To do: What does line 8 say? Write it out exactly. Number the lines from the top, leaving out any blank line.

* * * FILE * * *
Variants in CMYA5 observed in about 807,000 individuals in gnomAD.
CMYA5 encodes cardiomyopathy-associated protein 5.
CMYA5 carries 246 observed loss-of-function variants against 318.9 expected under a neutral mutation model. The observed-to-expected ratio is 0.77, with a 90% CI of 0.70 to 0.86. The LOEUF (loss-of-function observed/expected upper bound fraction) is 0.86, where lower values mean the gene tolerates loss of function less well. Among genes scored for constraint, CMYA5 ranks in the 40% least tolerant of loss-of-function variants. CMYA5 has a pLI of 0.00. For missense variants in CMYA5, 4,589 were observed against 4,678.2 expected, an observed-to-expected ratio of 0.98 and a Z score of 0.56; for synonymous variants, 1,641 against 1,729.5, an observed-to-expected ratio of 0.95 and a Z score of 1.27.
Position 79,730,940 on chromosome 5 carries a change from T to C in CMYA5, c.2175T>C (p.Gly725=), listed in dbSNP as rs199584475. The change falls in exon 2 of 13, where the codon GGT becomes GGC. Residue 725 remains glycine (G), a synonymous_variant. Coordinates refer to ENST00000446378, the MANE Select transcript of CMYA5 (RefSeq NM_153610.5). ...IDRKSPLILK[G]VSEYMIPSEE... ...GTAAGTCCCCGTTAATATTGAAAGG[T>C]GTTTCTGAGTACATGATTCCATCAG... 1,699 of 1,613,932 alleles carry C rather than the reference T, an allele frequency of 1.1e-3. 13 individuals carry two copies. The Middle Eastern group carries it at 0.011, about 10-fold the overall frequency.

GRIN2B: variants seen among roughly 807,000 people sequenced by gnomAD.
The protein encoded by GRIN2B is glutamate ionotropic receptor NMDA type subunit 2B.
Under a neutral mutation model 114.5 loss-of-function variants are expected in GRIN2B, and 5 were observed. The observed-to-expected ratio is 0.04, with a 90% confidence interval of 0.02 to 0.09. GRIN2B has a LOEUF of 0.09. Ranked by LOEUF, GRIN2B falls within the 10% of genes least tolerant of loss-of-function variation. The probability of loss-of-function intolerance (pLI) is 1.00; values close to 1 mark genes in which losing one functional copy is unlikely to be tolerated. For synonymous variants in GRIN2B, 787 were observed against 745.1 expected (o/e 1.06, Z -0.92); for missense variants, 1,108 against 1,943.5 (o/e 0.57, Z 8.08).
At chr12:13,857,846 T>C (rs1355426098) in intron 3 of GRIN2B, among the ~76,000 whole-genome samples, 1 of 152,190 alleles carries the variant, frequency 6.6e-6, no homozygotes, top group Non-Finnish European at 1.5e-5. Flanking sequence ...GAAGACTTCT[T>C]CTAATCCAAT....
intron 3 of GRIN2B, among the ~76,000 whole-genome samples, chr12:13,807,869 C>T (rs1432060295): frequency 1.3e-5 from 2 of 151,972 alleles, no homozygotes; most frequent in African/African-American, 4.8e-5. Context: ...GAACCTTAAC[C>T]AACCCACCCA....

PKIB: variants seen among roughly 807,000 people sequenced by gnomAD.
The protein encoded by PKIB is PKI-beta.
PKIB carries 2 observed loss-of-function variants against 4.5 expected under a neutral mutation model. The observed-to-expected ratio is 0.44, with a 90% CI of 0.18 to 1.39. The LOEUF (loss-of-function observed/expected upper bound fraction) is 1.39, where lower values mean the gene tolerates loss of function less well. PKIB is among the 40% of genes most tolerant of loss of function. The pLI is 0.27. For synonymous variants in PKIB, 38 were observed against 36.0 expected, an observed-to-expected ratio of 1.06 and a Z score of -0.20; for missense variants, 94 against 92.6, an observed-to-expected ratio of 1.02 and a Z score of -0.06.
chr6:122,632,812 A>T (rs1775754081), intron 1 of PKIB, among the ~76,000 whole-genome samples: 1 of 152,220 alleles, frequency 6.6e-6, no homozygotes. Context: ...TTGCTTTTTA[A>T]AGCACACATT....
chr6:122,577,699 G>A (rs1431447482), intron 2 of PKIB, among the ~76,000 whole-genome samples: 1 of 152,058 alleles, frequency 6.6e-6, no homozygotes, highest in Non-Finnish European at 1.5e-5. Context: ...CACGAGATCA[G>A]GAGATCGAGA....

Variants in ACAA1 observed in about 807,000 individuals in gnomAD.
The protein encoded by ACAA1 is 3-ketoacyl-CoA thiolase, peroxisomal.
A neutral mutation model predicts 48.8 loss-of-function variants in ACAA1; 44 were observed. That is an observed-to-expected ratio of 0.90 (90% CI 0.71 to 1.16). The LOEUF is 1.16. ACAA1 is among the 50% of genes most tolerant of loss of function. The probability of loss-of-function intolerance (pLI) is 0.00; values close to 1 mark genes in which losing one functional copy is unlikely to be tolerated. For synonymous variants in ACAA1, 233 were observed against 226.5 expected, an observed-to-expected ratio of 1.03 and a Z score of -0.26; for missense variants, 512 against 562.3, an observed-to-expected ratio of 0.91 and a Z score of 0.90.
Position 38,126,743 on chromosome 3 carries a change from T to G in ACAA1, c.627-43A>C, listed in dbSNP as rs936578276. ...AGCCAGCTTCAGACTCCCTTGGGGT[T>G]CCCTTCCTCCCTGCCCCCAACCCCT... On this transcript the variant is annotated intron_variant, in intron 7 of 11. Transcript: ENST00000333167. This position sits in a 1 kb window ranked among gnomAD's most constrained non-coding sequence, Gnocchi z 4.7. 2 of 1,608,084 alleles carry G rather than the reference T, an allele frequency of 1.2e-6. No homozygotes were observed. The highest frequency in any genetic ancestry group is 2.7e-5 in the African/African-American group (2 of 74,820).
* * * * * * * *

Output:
At chr12:13,857,846 T>C (rs1355426098) in intron 3 of GRIN2B, among the ~76,000 whole-genome samples, 1 of 152,190 alleles carries the variant, frequency 6.6e-6, no homozygotes, top group Non-Finnish European at 1.5e-5. Flanking sequence ...GAAGACTTCT[T>C]CTAATCCAAT....